You may need to wear your temporaries for just a few days or for several months depending on the type of dental reconstruction you are undergoing. Temporaries formed in place of crowns or veneers may only need to be worn for a few days to a few weeks, whereas dental implant and full-mouth reconstruction patients will need to wear provisional restorations for several months while the gums heal and the implants fuse with surrounding bone. Keep in mind that provisional restorations are less durable than permanent ones and are placed using provisional cement. Because it is possible for them to shift or become damaged, you should be careful to follow your dentist’s guidelines for caring for your temporaries – including using good oral hygiene, abiding by dietary restrictions, and using protective mouth gear during sports or high impact activity.
Tooth extractions are routine dental procedures used to remove decayed, damaged or otherwise problematic teeth. Dentists usually make every effort to preserve natural teeth, although sometimes an extraction is necessary. Although the procedure is performed in a dentist’s or oral surgeon’s office, it is considered surgery. Depending on which teeth are removed, they may be replaced with a dental implant or another oral prosthetic.
There are several reasons why you could need a tooth extraction.
The most common cause of tooth extractions is severe tooth decay and cavities. However, many patients also undergo extractions for impacted teeth – particularly wisdom teeth. Other causes for extraction include advanced periodontal disease, cracked teeth, and teeth that are severely malformed. Although many circumstances that require extraction are unavoidable, some could be prevented with regular visits to the dentist for exams and cleanings.
Only your dentist can tell you if you need a tooth extraction. However, you may be a candidate for the procedure if one or more of your teeth are decayed so severely that a filling or others restoration is not a possibility for treatment.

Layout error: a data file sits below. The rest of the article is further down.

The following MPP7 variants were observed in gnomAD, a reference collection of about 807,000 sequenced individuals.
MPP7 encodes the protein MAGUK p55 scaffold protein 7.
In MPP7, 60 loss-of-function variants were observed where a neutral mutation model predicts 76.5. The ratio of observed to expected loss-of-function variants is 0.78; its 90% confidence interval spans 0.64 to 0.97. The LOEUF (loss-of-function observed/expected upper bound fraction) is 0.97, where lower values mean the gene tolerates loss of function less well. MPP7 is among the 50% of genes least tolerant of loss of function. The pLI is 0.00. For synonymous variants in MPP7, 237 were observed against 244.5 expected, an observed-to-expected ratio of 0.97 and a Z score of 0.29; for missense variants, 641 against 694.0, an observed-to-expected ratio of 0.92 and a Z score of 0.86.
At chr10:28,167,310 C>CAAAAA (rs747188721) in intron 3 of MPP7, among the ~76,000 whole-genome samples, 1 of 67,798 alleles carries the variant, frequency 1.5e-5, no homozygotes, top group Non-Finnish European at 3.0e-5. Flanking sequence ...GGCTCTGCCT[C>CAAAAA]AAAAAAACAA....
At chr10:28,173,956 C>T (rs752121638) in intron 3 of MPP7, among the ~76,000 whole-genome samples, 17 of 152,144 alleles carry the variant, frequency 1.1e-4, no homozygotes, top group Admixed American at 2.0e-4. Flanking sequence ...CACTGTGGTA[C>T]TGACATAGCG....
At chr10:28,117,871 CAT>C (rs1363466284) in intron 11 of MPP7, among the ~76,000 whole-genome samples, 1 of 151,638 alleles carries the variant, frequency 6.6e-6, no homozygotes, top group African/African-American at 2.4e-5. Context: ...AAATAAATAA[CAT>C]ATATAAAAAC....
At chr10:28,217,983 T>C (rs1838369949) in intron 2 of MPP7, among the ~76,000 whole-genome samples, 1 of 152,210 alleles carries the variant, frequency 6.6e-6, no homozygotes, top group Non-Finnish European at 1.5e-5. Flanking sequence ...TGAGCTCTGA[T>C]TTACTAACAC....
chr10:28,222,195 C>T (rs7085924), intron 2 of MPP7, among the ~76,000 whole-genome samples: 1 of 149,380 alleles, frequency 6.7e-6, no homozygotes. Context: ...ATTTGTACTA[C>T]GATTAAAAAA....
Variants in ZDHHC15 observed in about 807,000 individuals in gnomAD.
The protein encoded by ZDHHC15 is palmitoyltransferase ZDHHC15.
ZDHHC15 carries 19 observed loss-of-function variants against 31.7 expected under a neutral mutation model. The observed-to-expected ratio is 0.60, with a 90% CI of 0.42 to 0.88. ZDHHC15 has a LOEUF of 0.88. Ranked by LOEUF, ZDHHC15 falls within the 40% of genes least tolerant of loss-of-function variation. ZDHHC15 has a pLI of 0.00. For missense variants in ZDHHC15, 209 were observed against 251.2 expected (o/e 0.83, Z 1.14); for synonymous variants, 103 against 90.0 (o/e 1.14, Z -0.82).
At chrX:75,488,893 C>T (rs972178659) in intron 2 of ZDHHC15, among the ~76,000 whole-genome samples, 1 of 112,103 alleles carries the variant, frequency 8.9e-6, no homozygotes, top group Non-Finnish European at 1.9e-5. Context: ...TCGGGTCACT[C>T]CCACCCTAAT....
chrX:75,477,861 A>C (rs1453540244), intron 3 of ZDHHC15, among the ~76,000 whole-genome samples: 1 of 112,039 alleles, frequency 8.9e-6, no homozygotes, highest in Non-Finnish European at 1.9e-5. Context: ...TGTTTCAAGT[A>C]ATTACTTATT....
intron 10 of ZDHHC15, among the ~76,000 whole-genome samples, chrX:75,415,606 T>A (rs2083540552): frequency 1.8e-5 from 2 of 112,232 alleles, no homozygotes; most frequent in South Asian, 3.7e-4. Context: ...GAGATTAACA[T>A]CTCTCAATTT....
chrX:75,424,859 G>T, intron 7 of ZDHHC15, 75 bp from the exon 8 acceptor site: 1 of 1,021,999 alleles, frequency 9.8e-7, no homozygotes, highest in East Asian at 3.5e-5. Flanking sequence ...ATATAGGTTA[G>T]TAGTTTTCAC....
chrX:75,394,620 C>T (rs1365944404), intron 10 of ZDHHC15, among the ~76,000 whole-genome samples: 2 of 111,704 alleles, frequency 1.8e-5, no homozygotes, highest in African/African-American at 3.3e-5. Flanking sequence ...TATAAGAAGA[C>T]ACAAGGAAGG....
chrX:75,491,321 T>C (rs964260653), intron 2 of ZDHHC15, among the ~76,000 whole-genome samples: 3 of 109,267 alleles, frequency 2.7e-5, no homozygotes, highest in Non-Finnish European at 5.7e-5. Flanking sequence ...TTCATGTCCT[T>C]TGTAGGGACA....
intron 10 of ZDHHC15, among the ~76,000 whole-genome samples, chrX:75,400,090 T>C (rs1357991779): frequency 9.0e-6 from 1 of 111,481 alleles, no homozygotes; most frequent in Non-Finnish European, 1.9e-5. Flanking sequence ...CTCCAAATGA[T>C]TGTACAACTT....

If you and your dentist decide to extract one or more teeth, you will be scheduled to return for oral surgery at a later date. You will be given a local anesthetic to prevent pain during the procedure, and you may be prescribed medications to help manage pain in the hours following your extraction. Depending on the nature of your extraction and other factors, such as whether your teeth are impacted, you may also be sedated or given general anesthesia during your procedure.
Post-operative care following a tooth extraction is essential for healing and preventing complications. You will be instructed to avoid certain foods and also keep the surgical site clean at all times. If you are prescribed an antibiotic, it is important that you complete the course of treatment to prevent infection. Finally, you may be advised to avoid smoking or drinking through a straw, as doing so may delay the healing process and cause a condition known as ‘dry socket.’
Preventative care is a foundation of dentistry. The American Dental Association recommends visiting your dentist regularly – usually about twice yearly – for full cleanings, examinations, and consultations for potential treatment. Professional dental cleanings help remove built-up plaque that is not removable using conventional brushing and flossing. Often, dentists are also capable of identifying potential problems that patients are not yet able to see or feel. When you maintain regular preventative dental appointments, you can stave off decay and gum disease, as well as identify the beginnings of oral health problems before they become severe.
Did you know…
that Americans are less and less likely to visit the dentist as they age? Data from the Centers for Disease Control reports that only 57 percent of Americans over age 65 visited the dentist in 2010. That compares to about 61 percent adults under age 65 and about 79 percent of children ages 2 to 17. Nonetheless, it is important to visit the dentist for cleanings and exams regardless of how long has passed since your most recent dental appointment.
Yes. Even if you brush and floss after every meal and before bed, bacteria-harboring plaque can accumulate in the tiniest crevices, grooves and pits. Overtime, the teeth will begin to decay in those areas, which may result in pain and partial or total tooth loss.
Your cleaning and consultation will consist of a visible examination of the teeth and gums. If you haven’t been to the dentist in a while, you may also require x-rays for a more comprehensive view of your teeth. You’ll also consult with your dentist about any oral health problems you may have been having or questions that you may have. The cleaning will follow, during which a dental hygienist will use special instruments to remove hardened plaque from your teeth. Finally, your teeth will be polished before your dentist discusses any treatment recommendations he or she may have for you.